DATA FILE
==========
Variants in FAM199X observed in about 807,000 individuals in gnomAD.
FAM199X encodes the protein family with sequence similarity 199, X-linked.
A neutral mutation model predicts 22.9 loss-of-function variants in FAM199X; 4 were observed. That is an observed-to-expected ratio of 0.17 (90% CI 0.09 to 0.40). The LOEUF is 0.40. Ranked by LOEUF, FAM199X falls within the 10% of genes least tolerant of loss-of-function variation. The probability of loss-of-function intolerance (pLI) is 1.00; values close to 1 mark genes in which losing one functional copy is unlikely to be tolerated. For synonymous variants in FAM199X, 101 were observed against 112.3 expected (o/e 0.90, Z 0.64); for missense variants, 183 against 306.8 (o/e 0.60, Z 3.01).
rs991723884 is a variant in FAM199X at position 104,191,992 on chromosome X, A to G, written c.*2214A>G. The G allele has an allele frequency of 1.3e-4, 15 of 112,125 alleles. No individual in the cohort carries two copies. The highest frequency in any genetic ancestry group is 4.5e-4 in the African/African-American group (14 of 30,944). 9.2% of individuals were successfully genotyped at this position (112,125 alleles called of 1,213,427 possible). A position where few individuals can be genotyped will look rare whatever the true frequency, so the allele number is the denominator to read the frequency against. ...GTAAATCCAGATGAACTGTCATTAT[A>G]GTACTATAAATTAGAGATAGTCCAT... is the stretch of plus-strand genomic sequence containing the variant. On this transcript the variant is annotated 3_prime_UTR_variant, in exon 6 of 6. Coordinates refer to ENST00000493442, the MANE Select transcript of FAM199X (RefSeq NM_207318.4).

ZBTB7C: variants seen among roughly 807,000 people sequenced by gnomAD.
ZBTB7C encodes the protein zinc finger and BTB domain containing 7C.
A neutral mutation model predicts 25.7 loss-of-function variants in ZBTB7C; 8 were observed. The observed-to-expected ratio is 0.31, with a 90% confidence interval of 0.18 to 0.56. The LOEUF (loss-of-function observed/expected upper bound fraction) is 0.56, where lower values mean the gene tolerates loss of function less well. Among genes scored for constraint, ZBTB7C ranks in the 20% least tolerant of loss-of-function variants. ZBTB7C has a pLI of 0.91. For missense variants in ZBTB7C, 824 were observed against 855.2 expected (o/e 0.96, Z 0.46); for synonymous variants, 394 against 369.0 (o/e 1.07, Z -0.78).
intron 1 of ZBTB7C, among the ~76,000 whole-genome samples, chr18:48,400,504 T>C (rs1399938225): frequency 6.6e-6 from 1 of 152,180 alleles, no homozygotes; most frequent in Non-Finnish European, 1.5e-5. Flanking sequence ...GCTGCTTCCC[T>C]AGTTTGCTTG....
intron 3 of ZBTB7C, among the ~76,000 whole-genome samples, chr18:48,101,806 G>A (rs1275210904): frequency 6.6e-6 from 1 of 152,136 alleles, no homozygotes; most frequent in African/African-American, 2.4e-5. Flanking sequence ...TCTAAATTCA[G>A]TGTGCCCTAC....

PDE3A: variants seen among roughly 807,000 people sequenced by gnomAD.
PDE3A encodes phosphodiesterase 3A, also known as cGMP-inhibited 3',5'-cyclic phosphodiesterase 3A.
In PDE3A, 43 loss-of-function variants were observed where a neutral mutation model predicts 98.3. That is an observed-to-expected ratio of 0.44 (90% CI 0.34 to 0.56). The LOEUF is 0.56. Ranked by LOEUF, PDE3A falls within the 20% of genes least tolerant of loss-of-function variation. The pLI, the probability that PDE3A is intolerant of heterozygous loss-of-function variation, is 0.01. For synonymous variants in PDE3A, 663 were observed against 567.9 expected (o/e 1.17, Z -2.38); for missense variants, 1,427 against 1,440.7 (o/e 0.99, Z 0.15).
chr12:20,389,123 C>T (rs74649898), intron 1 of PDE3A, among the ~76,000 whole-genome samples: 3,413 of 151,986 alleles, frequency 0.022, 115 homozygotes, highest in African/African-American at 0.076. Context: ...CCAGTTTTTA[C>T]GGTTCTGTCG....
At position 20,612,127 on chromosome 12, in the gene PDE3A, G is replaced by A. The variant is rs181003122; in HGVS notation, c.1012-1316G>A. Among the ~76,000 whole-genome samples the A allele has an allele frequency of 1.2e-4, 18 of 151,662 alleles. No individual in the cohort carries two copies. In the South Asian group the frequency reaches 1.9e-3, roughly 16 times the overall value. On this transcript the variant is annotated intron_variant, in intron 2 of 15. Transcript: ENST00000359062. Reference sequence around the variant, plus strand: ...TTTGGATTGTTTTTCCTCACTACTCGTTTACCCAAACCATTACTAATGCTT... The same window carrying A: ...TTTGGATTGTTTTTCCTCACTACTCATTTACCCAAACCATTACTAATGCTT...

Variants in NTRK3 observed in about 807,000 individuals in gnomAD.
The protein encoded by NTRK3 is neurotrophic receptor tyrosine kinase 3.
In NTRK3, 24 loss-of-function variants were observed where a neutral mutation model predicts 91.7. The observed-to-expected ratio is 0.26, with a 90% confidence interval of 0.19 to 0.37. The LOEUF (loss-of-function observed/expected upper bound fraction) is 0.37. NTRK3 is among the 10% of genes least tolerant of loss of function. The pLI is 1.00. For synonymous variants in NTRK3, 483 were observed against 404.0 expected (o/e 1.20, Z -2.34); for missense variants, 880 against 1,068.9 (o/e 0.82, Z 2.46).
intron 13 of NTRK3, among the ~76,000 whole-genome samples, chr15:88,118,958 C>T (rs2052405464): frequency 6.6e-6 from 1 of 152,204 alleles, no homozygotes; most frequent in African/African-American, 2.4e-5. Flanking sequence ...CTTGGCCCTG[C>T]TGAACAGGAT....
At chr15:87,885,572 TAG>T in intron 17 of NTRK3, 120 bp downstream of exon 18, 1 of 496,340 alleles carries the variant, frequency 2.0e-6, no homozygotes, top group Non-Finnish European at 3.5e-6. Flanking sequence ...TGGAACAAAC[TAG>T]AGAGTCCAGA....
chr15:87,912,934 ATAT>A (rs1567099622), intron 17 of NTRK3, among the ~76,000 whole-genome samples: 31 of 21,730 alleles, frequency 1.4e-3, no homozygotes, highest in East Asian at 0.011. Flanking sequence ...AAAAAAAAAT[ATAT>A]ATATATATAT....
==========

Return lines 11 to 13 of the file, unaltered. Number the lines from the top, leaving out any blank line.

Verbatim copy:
PDE3A encodes phosphodiesterase 3A, also known as cGMP-inhibited 3',5'-cyclic phosphodiesterase 3A.
In PDE3A, 43 loss-of-function variants were observed where a neutral mutation model predicts 98.3. That is an observed-to-expected ratio of 0.44 (90% CI 0.34 to 0.56). The LOEUF is 0.56. Ranked by LOEUF, PDE3A falls within the 20% of genes least tolerant of loss-of-function variation. The pLI, the probability that PDE3A is intolerant of heterozygous loss-of-function variation, is 0.01. For synonymous variants in PDE3A, 663 were observed against 567.9 expected (o/e 1.17, Z -2.38); for missense variants, 1,427 against 1,440.7 (o/e 0.99, Z 0.15).
chr12:20,389,123 C>T (rs74649898), intron 1 of PDE3A, among the ~76,000 whole-genome samples: 3,413 of 151,986 alleles, frequency 0.022, 115 homozygotes, highest in African/African-American at 0.076. Context: ...CCAGTTTTTA[C>T]GGTTCTGTCG....